People, Travel

Think Tank Derides Water Transfer Project

Think Tank Derides Water Transfer ProjectThink Tank Derides Water Transfer Project

The project to transfer water from the Persian Gulf in the south to Kerman and Yazd provinces in central Iran threatens cultural and historical sites, with reports suggesting that the work has already inflicted damage on some sites.

The project is aimed at meeting the ever-increasing demand of water-intensive industries in the two provinces (supporters claim it is meant to address widespread drought in the region). According to an official at the Research Institute of the Cultural Heritage and Tourism, work on the controversial scheme began before approval from Iran’s Cultural Heritage, Handicrafts and Tourism Organization, which manages RICHT.

“Local sources tell us that the project has damaged some structures of historical significance in Hormozgan and Kerman,” Alireza Sardari, chief rescue archeologist at RICHT, told ISNA.

The project, which aims to transfer water from the Persian Gulf through Hormozgan Province to Kerman and Yazd, is a 750-km pipeline to be laid in a tunnel 30 meters wide. The project is funded by the Persian Gulf Water Supply Company (WASCO).

According to law, large-scale construction projects must receive approval from the ICHHTO in order to protect historical sites and, if necessary, conduct rescue archeology, which is the collection of archaeological data and materials from a site in danger of imminent destruction.

WASCO approached ICHHTO in January 2013 to begin proceedings to receive the necessary permits. The ICHHTO tasked RICHT to make a thorough assessment of the project, but the latter said it needed the blueprints of the project before it could begin evaluation.

The company complied and provided RICHT with everything they needed by April 2014. Shortly after, the institute drew up a contract and sent it to WASCO.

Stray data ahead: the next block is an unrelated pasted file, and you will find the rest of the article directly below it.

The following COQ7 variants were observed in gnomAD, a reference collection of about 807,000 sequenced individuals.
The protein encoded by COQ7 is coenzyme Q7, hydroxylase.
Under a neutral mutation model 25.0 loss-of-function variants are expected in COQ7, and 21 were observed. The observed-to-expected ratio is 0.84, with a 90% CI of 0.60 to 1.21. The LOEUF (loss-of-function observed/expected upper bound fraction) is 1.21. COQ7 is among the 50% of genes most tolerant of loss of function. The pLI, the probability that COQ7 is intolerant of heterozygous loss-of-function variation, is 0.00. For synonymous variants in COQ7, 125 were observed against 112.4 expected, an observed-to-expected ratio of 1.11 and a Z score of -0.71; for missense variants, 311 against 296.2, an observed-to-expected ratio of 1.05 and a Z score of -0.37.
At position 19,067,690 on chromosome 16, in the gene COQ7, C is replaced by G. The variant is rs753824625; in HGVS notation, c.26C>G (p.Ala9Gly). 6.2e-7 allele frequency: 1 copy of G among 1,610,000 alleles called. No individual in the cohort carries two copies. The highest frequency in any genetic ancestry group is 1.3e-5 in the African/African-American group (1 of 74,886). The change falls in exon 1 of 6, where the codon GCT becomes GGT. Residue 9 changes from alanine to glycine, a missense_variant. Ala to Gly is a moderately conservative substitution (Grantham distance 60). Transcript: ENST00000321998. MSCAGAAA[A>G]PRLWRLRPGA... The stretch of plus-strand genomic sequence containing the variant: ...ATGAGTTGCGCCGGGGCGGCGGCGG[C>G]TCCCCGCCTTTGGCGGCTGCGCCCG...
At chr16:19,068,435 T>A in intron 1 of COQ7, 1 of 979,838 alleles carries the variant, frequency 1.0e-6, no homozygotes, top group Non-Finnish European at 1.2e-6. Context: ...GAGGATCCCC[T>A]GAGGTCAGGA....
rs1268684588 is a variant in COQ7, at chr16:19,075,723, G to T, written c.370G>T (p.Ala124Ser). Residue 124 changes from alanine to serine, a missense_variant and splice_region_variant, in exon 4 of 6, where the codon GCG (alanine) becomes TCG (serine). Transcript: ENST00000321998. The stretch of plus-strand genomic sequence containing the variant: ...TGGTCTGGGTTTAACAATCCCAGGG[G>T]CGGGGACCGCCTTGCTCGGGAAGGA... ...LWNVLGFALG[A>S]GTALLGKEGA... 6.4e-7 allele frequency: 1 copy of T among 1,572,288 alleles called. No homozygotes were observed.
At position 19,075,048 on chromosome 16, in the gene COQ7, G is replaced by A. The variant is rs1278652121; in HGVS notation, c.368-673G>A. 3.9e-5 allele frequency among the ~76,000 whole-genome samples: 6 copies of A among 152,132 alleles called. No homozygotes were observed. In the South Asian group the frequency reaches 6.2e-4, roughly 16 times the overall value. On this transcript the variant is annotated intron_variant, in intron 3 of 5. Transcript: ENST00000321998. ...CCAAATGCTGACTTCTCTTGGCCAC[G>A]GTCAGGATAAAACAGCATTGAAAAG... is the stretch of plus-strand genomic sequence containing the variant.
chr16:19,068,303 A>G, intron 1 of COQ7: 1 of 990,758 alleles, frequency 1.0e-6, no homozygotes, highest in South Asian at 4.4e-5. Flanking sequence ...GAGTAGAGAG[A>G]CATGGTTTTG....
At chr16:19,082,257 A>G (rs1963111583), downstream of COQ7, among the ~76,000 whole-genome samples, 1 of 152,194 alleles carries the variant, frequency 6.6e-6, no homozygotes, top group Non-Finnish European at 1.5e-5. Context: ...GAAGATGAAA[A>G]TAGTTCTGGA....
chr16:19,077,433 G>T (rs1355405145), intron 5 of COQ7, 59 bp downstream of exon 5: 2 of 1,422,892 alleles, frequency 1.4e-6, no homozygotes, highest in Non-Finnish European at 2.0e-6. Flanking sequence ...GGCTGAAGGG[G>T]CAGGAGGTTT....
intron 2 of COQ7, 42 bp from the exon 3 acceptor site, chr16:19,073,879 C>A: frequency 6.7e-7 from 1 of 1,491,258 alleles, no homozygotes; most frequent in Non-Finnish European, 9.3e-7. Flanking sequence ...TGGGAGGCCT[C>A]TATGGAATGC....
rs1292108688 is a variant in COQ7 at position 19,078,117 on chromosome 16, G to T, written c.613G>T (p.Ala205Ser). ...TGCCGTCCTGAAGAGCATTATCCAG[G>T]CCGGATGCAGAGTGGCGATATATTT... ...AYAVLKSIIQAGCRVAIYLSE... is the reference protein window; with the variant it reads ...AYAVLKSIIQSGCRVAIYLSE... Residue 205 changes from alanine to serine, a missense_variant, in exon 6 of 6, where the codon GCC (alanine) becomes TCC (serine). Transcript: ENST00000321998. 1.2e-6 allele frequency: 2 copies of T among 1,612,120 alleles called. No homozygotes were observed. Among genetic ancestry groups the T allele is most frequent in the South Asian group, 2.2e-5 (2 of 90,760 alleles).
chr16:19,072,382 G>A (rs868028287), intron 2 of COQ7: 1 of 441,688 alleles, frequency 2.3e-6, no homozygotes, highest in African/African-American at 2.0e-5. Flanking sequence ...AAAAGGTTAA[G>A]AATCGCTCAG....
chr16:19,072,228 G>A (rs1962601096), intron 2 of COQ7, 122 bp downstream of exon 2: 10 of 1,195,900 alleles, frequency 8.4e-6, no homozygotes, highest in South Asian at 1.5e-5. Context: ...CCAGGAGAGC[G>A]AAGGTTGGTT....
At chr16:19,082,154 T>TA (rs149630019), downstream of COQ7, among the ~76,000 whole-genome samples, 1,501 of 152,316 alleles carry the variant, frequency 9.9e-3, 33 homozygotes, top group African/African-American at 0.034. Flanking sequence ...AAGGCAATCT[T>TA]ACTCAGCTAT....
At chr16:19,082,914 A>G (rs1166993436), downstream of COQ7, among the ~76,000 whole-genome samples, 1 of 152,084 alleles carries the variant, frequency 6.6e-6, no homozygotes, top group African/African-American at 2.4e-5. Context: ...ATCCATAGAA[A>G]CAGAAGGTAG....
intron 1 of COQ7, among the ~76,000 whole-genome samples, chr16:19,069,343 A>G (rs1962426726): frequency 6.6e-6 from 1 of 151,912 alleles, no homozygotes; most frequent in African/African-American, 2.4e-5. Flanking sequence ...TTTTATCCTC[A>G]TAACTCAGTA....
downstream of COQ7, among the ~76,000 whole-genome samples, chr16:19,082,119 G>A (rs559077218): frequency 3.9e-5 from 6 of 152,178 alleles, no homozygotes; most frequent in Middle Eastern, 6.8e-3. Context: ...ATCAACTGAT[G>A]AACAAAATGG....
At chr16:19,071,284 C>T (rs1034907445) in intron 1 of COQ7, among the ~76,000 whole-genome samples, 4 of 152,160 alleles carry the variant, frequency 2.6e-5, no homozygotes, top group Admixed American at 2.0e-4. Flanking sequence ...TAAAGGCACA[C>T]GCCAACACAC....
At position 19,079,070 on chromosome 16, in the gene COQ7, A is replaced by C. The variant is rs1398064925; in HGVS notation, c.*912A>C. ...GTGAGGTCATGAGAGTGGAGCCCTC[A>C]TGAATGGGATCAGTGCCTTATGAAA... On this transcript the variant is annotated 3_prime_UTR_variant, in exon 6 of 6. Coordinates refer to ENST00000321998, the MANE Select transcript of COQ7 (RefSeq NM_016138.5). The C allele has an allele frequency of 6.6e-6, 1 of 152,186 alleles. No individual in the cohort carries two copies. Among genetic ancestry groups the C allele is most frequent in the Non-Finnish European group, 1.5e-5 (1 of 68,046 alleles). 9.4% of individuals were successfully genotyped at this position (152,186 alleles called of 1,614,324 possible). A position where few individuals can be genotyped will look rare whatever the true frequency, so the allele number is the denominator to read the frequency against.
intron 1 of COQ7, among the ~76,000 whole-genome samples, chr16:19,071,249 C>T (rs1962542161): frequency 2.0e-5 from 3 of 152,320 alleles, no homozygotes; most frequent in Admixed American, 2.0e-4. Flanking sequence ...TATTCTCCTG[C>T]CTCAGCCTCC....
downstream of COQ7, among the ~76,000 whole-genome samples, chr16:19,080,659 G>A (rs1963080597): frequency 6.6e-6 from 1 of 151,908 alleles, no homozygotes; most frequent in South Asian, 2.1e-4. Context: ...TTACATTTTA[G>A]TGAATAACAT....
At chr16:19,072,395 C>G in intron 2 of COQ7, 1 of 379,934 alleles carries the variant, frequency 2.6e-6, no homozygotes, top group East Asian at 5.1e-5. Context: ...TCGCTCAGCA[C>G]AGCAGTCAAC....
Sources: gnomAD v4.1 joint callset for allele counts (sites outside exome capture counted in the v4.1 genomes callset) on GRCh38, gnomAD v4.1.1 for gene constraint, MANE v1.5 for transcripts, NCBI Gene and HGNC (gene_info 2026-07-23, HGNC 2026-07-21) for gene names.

“[It’s been two years and] we have yet to hear back from them,” Sardari said.

WASCO cited financial constraints for the reluctance to sign the contract, and in May 2015 the company began proceedings once more to acquire the permits but did not follow up.

In January, it was announced that work on the project had begun apparently without the necessary permits from the ICHHTO.

“When stakeholders talk about large-scale projects, they tout their commitment to environmental regulations and completely ignore the impact of their schemes on cultural and historical heritage sites,” Sardari complained.

While that may be true, many such projects in Iran fail to comply with environmental laws, neither are they environmentally friendly nor justified. Critics of the Persian Gulf water transfer project argue that it will mostly benefit the steel industry rather than ordinary residents and farmers.  

In recent months respected economists have openly challenged former and present policymakers and governments for building the huge steel plants far away from the seas and have said that the mills will have to close down simply because they are too water intensive and economically unsustainable.